confer special authority upon the states that possessed special authority at its founding. The "permanent membership" status of France on the Security Council is not so much an outrage as an anachronism. Maintaining the diplomacy of the 1940s in perpetuity is rather like maintaining the technology of the 1940s in perpetuity.So now the anachronistic alignment of Europe against the rest of the world is about to complete its evolution, as the Europeans accept geopolitical marginalization as the cost of maintaining their bourgeois welfare states. While they seem to be willing to give up their national sovereignties to create a federalist communion, they might be getting strategic irrelevance as an unwanted side effect. What with both the United Nations and the North Atlantic Treaty Alliance sliding into obscurity, they are making the emergence of a global superpower a necessary, if unwelcome, outcome. Almost no one wants America to become the policeman of the world, but there may be no alternative. It's a tough job, but someone has to do it. If not us, who? If not now, when? Either the U.S.A. shall take over the position of arbiter and guarantor of freedom in the world, or we leave geopolitics to the Islamic fundamentalists to take by abdication. Since they would destroy us if they had the chance, we have no choice but to engage them. While the solons of European diplomacy decide weighty issues, such as where to eat lunch, we are left to decide the little things, like whether or not to allow Saddam Hussein to consolidate the Arab Middle East and destroy Israel, and containing a nuclear North Korea, without them.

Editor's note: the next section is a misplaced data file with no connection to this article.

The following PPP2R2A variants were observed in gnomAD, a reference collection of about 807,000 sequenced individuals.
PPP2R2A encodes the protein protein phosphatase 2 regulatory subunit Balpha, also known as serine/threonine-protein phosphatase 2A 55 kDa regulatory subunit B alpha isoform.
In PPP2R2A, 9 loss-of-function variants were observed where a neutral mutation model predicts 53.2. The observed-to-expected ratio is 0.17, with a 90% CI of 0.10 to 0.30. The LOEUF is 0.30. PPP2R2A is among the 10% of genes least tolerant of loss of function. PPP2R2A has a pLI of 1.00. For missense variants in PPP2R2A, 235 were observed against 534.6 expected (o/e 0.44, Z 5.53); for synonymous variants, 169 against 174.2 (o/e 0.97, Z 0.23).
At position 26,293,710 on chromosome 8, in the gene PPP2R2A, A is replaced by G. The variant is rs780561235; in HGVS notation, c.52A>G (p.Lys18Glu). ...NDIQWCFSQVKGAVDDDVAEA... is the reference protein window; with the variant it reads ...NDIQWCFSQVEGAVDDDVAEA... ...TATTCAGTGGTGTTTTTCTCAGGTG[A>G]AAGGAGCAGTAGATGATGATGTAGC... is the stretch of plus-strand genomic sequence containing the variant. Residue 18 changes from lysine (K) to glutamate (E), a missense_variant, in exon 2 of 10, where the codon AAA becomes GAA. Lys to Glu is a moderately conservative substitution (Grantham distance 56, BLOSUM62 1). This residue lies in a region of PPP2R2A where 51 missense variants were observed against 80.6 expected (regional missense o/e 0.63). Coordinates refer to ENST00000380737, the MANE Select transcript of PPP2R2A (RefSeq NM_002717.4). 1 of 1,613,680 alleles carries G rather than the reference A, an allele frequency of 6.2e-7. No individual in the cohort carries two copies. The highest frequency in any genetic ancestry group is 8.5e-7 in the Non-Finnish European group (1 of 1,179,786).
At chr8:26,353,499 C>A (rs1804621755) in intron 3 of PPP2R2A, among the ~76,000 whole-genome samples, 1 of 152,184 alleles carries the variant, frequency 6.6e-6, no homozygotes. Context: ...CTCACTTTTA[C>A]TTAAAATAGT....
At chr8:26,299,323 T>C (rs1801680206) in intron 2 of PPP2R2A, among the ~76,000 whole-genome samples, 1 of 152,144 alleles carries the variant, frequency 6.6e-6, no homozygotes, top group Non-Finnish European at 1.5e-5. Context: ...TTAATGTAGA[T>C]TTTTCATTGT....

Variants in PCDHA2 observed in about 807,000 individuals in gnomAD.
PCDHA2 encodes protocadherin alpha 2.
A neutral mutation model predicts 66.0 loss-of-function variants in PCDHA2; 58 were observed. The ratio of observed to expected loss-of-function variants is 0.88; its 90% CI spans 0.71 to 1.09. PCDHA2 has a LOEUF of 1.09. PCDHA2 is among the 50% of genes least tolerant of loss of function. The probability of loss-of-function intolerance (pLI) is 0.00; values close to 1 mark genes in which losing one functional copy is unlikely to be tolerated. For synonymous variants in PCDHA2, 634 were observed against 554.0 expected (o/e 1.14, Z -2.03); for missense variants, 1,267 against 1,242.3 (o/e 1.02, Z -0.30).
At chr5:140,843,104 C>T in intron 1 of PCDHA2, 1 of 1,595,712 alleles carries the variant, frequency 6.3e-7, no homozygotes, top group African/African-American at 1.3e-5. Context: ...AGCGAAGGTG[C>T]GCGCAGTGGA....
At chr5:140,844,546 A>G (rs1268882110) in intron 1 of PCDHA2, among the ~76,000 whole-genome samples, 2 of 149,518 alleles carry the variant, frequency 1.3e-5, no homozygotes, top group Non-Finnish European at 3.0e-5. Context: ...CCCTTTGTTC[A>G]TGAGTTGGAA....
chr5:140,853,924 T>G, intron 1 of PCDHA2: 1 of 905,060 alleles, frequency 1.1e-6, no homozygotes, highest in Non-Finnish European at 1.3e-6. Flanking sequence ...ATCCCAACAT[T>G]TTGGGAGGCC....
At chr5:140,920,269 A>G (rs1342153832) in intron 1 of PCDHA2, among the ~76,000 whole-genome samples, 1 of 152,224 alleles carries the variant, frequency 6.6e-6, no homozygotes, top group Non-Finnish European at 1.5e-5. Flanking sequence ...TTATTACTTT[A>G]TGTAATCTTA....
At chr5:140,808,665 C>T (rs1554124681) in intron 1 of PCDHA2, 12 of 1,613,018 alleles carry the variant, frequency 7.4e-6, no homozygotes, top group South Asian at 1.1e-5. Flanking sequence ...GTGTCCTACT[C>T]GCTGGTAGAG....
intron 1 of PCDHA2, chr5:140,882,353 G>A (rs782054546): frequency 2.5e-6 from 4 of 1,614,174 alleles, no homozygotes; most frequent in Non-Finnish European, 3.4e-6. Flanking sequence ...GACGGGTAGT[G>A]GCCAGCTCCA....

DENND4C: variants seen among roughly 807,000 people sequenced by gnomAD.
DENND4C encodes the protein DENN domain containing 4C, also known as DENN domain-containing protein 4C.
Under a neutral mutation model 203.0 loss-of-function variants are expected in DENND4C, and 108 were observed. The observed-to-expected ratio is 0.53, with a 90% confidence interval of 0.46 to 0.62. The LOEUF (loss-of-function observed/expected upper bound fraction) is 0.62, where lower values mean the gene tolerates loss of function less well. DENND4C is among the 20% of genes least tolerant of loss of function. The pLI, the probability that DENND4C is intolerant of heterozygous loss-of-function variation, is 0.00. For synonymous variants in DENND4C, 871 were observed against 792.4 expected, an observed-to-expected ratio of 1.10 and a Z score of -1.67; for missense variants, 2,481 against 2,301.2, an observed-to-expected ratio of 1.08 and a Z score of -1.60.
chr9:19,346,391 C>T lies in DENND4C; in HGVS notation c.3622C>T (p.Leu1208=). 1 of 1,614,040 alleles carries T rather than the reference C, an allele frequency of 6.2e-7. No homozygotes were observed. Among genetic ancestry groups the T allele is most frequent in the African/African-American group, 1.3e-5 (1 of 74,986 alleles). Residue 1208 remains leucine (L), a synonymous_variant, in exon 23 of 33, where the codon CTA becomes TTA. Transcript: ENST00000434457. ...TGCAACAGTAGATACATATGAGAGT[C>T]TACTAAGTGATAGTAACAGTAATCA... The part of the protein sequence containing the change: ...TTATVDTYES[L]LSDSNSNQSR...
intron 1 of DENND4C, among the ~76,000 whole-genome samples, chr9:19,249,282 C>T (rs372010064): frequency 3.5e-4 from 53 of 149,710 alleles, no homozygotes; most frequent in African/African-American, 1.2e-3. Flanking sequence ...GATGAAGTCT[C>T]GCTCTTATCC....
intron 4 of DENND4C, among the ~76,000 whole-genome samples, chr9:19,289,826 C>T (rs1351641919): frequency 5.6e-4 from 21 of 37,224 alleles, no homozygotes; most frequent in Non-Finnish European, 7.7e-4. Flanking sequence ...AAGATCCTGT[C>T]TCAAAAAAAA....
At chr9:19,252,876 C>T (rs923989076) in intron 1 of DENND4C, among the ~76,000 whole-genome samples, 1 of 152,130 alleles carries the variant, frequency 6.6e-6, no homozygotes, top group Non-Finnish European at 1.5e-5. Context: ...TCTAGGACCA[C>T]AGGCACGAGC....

The strident obstructionism of France and Germany, and their attempt to lead an insurrection within NATO against the use of Western force against Saddam Hussein, even to the point of violating the treaty commitments of the alliance to the security of its own members (in this case, Turkey)--this is a genuinely momentous turn of events that should not be understood merely as a comedy of national character.
The petulance of these European states seems farcical, but in fact it is the expression of a profound historical transformation. It is not clear that the Europeans are entirely cognizant of this transformation, but it is essential, if the United States is to manage its global responsibilities effectively, that Americans be cognizant of it. For it is not the strategic impertinence of Europe that we are beholding, it is the strategic obsolescence of Europe.
Not alone, however. Eighteen of the countries of "New Europe" seem to be with us in the effort to contain Saddam, while what Suman Palit calls the "I3" triumvirate of Israel, India, and Iran coalesces to lead West Asia into theTwenty First Century. Maybe, if the Tranzies are successful and bind Europe into a federation, and then they decide to spend what is necessary in blood and treasure to become a power to be reckoned with, Europe may yet become relevant again. As of today, however, they are somwhere between a farce and a petulant child.